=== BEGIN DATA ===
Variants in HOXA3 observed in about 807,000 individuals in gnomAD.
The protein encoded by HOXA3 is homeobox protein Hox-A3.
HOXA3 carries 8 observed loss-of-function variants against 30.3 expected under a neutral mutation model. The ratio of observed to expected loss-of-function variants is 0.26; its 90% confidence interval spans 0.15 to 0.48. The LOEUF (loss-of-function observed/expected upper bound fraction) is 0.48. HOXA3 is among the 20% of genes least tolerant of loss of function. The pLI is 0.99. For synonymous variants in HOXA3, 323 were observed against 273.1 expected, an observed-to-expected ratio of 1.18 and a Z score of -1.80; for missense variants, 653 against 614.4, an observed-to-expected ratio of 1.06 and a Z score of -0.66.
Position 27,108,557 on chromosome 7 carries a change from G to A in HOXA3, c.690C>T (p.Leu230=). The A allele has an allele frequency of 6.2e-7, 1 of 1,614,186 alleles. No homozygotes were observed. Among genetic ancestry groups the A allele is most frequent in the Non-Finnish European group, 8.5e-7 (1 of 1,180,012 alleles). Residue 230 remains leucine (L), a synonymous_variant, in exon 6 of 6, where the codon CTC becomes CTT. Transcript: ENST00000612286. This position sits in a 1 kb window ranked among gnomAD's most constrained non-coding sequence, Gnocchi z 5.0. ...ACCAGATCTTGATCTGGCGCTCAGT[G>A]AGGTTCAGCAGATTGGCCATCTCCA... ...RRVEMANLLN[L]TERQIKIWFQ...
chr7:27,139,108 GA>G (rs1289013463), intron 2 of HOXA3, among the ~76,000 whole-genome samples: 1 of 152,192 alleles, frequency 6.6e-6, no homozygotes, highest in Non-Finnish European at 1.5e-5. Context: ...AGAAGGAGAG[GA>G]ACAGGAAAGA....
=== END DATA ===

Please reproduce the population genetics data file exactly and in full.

Variants in HOXA3 observed in about 807,000 individuals in gnomAD.
The protein encoded by HOXA3 is homeobox protein Hox-A3.
HOXA3 carries 8 observed loss-of-function variants against 30.3 expected under a neutral mutation model. The ratio of observed to expected loss-of-function variants is 0.26; its 90% confidence interval spans 0.15 to 0.48. The LOEUF (loss-of-function observed/expected upper bound fraction) is 0.48. HOXA3 is among the 20% of genes least tolerant of loss of function. The pLI is 0.99. For synonymous variants in HOXA3, 323 were observed against 273.1 expected, an observed-to-expected ratio of 1.18 and a Z score of -1.80; for missense variants, 653 against 614.4, an observed-to-expected ratio of 1.06 and a Z score of -0.66.
Position 27,108,557 on chromosome 7 carries a change from G to A in HOXA3, c.690C>T (p.Leu230=). The A allele has an allele frequency of 6.2e-7, 1 of 1,614,186 alleles. No homozygotes were observed. Among genetic ancestry groups the A allele is most frequent in the Non-Finnish European group, 8.5e-7 (1 of 1,180,012 alleles). Residue 230 remains leucine (L), a synonymous_variant, in exon 6 of 6, where the codon CTC becomes CTT. Transcript: ENST00000612286. This position sits in a 1 kb window ranked among gnomAD's most constrained non-coding sequence, Gnocchi z 5.0. ...ACCAGATCTTGATCTGGCGCTCAGT[G>A]AGGTTCAGCAGATTGGCCATCTCCA... ...RRVEMANLLN[L]TERQIKIWFQ...
chr7:27,139,108 GA>G (rs1289013463), intron 2 of HOXA3, among the ~76,000 whole-genome samples: 1 of 152,192 alleles, frequency 6.6e-6, no homozygotes, highest in Non-Finnish European at 1.5e-5. Context: ...AGAAGGAGAG[GA>G]ACAGGAAAGA....